How did Libyan money come to be printed in Britain?

By Chris Summers
BBC News

  • Published
People waiting outside a Tripoli bank
Image caption,
People waiting for money outside a bank in Tripoli

The RAF has delivered £140m worth of Libyan banknotes back to the country after the downfall of Colonel Muammar Gaddafi. But why is so much foreign currency printed in the UK?

It is perhaps unsurprising that De La Rue, the British firm which printed the 280 million Libyan dinars (£140m) returned this week, is somewhat reticent about its business.

The banknotes were ordered by the Gaddafi regime a year ago but were seized following the imposition of sanctions by the United Nations.

When the rebels reached Tripoli and overthrew the Libyan leader, the UN agreed to lift sanctions and unfreeze some of the $20bn of assets the Libyan government had in the UK.

A total of 1.86 billion dinars (£929m) would be returned. Foreign Secretary William Hague said: "The bank notes will be used to pay the wages of Libyan public sector employees, including nurses, doctors, teachers and police officers."

The cash will also be used to restock depleted cash machines across Libya.

Increasing demand

Pira International, a world authority on the print industry, said the global banknote trade was enormous.

A total of 150 billion banknotes were printed last year, which is likely to rise to 162 billion this year and carry on rising, partially driven by increasing demand for cash in booming China.

Pira's chief consultant on print security, Michael Chamberlain, said 84% of the world's banknotes were printed by state-owned enterprises - but the remaining 16% included 76% of the world's currencies.

Many countries, including Britain, the United States, Russia and China, will not allow their notes to be printed abroad.

The US dollar is printed at two federal government-owned sites, in Washington DC and Fort Worth, Texas.

But many smaller countries approach De La Rue or its main rival, Giesecke & Devrient.

The German firm's customers include Japan, Cambodia, Croatia and Guatemala.

But De La Rue, based in Basingstoke, Hampshire, produces 150 foreign currencies as well as passports, driving licences and identity cards for several nations.

Image caption,
Libyan banknotes carry the image of fallen leader Colonel Gaddafi

De La Rue was founded in Guernsey in 1813 by Thomas De La Rue, originally printing newspapers and later postage stamps before turning to paper money.

It began printing money for foreign countries in 1930, when Chiang Kai-Shek's Chinese nationalist government put in an order.

Since 2003 it has also been producing Bank of England banknotes, from a printing plant in Debden, Essex.

But the company refuses to give details of its overseas customers and a spokeswoman told the BBC: "We are bound by confidentiality with our customers and we have to respect their wishes not to have publicity."

There is no international body for the regulation of currency issue, which means there is nothing to stop companies printing money for "rogue states" like Syria or North Korea, or "emerging" states like Somaliland or Western Sahara which are not universally recognised.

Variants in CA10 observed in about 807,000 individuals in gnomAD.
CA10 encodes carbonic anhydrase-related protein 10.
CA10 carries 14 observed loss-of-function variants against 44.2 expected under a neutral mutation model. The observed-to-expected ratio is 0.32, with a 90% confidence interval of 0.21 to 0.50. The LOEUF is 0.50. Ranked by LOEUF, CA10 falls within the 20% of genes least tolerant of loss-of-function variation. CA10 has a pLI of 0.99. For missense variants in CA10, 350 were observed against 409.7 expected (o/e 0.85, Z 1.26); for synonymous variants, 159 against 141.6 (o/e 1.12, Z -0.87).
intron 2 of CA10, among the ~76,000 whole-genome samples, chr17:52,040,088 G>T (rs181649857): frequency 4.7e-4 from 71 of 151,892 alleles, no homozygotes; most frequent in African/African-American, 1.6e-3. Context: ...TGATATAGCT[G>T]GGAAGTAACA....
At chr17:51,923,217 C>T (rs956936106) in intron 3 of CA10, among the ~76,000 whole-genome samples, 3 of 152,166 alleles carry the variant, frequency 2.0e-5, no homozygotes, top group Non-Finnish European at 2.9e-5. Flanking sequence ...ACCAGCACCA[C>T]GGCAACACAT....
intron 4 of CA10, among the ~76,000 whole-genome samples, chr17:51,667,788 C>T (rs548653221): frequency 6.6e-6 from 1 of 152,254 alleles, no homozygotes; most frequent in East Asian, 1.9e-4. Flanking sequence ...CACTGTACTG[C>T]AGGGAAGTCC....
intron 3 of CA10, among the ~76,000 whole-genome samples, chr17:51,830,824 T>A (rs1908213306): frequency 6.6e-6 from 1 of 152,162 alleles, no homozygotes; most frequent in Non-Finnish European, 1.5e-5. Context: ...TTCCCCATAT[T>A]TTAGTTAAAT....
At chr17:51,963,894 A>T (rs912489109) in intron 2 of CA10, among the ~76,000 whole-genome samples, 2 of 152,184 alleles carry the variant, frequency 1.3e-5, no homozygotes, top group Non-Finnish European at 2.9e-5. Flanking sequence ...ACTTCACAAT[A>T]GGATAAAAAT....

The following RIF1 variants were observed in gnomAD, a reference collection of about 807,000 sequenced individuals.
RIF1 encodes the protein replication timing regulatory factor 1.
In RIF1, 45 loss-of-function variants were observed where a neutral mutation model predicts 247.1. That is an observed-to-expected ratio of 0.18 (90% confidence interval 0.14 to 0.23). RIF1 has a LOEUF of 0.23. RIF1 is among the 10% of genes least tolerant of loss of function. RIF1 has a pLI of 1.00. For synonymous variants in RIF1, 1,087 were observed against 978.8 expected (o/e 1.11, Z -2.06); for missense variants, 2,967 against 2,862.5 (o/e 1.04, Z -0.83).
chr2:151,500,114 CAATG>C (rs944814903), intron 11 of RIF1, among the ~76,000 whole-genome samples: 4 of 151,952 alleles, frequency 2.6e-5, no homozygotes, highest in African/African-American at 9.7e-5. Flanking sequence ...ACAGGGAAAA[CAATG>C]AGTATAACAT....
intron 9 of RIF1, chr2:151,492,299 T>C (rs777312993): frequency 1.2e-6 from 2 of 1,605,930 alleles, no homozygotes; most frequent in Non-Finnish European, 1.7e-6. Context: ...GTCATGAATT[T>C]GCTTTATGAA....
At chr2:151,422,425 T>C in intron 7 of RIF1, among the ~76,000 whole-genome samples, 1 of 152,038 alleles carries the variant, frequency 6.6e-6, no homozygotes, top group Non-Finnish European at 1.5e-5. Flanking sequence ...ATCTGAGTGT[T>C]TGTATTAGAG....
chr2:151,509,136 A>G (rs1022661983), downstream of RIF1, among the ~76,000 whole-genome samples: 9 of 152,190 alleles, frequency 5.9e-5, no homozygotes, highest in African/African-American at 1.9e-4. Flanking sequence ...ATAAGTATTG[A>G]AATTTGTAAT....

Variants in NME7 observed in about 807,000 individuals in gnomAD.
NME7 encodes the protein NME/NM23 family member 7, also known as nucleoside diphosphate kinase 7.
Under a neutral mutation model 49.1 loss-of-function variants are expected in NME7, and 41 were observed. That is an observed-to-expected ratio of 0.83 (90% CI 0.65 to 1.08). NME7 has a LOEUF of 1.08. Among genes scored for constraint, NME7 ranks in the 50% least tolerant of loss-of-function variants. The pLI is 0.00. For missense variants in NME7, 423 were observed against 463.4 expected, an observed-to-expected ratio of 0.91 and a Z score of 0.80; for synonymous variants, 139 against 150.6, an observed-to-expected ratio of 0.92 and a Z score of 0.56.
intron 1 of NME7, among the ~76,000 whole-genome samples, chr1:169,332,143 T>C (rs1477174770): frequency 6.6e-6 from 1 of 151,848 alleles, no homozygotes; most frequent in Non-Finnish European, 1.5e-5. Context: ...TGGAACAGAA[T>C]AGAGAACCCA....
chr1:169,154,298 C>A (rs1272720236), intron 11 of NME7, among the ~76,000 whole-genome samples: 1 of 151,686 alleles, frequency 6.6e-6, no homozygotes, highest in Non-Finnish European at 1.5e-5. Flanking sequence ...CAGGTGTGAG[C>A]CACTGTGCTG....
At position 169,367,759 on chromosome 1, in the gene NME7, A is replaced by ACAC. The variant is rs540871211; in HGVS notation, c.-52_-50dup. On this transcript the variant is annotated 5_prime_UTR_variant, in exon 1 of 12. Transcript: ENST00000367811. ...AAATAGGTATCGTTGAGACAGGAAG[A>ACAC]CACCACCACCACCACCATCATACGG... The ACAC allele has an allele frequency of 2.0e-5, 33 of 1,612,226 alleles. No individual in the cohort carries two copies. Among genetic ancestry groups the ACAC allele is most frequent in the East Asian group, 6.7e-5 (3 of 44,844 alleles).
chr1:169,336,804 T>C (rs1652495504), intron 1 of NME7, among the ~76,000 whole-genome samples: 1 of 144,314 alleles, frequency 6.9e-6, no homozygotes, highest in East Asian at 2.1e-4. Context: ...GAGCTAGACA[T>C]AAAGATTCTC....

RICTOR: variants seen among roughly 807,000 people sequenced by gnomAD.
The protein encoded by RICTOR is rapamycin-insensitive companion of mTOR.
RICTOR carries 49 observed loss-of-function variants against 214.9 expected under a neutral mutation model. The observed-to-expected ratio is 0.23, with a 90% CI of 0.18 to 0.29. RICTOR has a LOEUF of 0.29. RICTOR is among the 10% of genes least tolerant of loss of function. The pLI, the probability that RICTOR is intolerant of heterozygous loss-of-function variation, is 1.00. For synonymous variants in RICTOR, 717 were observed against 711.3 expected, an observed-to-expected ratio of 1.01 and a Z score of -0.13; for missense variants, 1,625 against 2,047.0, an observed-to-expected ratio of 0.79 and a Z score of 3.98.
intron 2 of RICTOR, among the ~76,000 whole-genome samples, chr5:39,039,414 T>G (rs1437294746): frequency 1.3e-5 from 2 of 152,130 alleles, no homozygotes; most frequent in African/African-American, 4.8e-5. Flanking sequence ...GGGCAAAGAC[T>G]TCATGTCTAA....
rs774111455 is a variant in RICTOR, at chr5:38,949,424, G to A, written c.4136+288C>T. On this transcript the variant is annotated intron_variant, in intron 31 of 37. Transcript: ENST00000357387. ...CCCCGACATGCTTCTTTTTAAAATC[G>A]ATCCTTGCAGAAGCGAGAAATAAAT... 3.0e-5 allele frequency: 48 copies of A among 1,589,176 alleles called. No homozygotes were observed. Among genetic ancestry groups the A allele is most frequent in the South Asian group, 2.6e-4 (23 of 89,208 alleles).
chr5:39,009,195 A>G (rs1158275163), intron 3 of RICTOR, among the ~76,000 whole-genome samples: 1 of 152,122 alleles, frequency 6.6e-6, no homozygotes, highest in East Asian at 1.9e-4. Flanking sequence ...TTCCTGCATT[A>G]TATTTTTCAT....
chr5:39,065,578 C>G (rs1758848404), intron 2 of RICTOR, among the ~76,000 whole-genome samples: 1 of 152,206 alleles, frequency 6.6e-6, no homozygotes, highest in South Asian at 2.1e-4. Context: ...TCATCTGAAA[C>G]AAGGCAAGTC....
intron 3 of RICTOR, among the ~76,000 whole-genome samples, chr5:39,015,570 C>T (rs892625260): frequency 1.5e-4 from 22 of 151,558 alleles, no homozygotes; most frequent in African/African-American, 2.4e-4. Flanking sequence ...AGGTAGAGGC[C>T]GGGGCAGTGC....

Security threads

Mr Chamberlain said: "These states don't have difficulty getting their money printed. The Chinese might do it, or the Russians."

De La Rue is fairly tight-lipped about their operations but it does admit to having plants in Loughton, Essex; Gateshead, Tyneside; and Bathford, Somerset.

It uses security threads and holography as well as special security paper to defeat the counterfeiters.

Some countries are happy to admit their banknotes are printed by De La Rue.

One of them is Samoa in the South Pacific.

Image caption,
Saudi Arabia is one of many countries which use De La Rue to print their notes

De La Rue printed tens of thousands of notes for the Central Bank of Samoa, which introduced its new currency in 2008.

Leasi Papali'i Tommy Scanlan, who stepped down recently as the bank's governor, recently told De La Rue's company magazine: "Counterfeiting was one of the biggest problems we faced with our previous banknote issue.

"This is one of the main reasons we decided to issue a new series of banknotes, incorporating the latest security feature."

Counterfeiting is a lot harder nowadays.

In the 1940s Adolf Hitler used a group of concentration camp inmates to create fake sterling banknotes in an attempt to destabilise Britain's economy.

There have also been allegations that North Korea has been printing fake US dollars, although the dollar is much harder to counterfeit than it was 10 years ago.

Technology has moved on a great deal in the last 70 years and De La Rue has cornered the market.

It also makes electronic identity cards for Rwanda and passports for Malta, Qatar and the Bahamas.

Regime change

Another banknote customer is Saudi Arabia, which uses the face of King Abdullah Bin-Abd-al-Aziz Al Saud on all denominations except the 500 riyal.

The Saudi king and Queen Elizabeth II are not the only heads of state to be used on banknotes, but it can be a problem when there is a regime change.

For the next couple of years Libyans will just have to put up with carrying around notes bearing the likeness of their fallen leader, just like Iraqis did with Saddam Hussein.

Mr Chamberlain said: "They will have to use them but the new government is probably already thinking about issuing a brand new currency with the appropriate message on it."

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